Uzbekistan - Rise to power
In 1983, Karimov was appointed Uzbek minister of finance, a post he held for three years. In 1983, he was also elected as a deputy to the Uzbek Supreme Soviet, or legislature. In 1986, he was appointed deputy chairman of the Uzbek Council of Ministers and chairman of the Uzbek GOSPLAN, holding both positions until 1989. At this time Karimov also took important posts in the Communist Party as an oblast (regional) first secretary and full member of the Uzbek Communist Party Central Committee.
Karimov reached a top leadership position in 1989. When Rafik Nishanov, head of the Uzbek Communist Party, became chairman of the upper chamber of the newly restructured USSR Supreme Soviet in the spring of 1989, Karimov, who had not been implicated in the corruption scandals of the Rashidov era, was selected to replace him as Uzbek Party first secretary, the de facto leader of Uzbekistan. This brought with it full membership in the Communist Party of the Soviet Union (CPSU) Central Committee and its Politburo in 1990. He orchestrated the election of the Uzbek Supreme Soviet in February 1990, forbidding the Birlik movement from fielding candidates, so that in many constituencies Uzbek Communist Party (UCP) candidates ran unopposed. Upon convening, this Supreme Soviet named Karimov to the new post of president. In November 1991, the UCP renamed itself the People's Democratic Party of Uzbekistan (PDP), retaining Karimov as its head. (He remained its head until he resigned in June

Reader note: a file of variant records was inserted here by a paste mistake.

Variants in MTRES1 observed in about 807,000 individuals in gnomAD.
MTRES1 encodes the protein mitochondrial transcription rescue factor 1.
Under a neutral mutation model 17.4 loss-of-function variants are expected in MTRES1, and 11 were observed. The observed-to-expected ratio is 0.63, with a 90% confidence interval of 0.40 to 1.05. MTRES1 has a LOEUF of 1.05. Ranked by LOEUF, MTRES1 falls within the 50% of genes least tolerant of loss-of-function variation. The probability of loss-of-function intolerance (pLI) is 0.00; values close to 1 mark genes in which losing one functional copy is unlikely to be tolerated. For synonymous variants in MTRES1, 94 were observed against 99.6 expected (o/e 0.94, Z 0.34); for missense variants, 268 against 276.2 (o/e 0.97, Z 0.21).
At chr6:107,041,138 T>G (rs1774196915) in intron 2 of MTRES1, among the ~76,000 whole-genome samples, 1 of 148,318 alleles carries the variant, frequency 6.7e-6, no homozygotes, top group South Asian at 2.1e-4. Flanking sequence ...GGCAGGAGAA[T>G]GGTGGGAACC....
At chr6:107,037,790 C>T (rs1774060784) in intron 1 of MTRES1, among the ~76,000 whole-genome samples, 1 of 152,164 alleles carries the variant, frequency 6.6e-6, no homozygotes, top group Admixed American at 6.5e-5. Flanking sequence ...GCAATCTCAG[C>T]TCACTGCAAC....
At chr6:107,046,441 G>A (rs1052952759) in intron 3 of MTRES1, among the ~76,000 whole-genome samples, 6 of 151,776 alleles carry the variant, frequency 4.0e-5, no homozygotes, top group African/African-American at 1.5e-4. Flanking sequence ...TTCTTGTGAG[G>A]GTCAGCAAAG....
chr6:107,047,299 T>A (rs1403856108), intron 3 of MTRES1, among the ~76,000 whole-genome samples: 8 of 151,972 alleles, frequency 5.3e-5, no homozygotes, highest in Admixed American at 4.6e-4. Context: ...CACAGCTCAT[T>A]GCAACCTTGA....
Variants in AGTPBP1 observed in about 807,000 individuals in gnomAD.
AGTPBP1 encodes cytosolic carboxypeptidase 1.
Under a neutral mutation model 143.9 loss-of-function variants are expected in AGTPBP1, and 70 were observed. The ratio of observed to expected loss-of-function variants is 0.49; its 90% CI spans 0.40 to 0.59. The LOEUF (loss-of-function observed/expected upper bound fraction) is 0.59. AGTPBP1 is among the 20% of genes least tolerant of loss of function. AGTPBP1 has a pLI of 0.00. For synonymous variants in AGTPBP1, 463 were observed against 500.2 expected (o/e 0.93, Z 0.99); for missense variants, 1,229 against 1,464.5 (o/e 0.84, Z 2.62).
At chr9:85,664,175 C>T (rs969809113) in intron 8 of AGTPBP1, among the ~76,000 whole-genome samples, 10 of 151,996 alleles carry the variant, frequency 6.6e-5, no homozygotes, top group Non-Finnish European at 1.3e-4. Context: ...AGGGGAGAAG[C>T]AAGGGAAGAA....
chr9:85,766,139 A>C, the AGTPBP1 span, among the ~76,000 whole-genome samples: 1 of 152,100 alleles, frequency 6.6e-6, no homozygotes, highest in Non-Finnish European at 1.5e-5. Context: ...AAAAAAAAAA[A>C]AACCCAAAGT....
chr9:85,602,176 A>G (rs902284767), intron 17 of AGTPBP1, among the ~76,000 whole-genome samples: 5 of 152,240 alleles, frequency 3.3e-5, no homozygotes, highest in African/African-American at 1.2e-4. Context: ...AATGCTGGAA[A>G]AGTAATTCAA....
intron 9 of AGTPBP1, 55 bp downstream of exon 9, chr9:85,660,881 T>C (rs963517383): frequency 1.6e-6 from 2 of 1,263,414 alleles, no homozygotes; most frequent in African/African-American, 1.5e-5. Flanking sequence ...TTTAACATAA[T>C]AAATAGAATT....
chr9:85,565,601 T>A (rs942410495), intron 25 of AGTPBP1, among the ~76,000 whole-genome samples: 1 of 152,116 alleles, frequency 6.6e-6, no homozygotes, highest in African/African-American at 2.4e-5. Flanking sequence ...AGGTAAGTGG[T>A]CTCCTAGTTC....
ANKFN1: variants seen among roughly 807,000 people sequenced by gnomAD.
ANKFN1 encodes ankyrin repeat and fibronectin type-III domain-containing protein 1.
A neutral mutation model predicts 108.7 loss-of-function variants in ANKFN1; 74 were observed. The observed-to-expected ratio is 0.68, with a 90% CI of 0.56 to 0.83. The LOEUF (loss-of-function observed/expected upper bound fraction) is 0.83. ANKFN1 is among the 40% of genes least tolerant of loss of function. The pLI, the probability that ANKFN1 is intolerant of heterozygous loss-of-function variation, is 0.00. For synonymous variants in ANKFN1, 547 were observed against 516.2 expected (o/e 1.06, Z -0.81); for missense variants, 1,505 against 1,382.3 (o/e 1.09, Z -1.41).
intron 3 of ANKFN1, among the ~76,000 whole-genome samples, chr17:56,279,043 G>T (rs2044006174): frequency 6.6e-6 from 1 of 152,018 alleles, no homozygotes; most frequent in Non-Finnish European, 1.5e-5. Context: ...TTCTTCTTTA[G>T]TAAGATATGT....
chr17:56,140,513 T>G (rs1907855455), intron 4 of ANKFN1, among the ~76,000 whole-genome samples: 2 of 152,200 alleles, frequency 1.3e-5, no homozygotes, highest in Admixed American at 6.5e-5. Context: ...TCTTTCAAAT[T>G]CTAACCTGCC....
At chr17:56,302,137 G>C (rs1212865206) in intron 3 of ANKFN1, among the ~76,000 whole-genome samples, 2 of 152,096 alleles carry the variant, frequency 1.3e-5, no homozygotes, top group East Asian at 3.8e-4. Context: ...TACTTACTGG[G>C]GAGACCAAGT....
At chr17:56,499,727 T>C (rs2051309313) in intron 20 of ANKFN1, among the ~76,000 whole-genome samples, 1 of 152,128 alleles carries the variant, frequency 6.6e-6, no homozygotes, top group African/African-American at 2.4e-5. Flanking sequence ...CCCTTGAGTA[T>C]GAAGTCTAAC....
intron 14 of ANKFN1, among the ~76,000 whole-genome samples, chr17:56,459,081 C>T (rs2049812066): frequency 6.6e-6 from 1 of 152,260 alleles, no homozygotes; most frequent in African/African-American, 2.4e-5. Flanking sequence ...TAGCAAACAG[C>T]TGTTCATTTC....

1996, arguing that as president he should be above partisanship.) In November 1991, he restructured the Council of Ministers as a Cabinet of Ministers directly under the president. Karimov completed his consolidation of power in December 1991 by winning the presidency of Uzbekistan in a popular election. According to official results, 94% of eligible voters participated and 86% of those voted for Karimov, while opposition Erk Party candidate Mohammed Solikh received 12%. Birlik had been refused registration so was unable to field a candidate. International observers found widespread election fraud by government officials.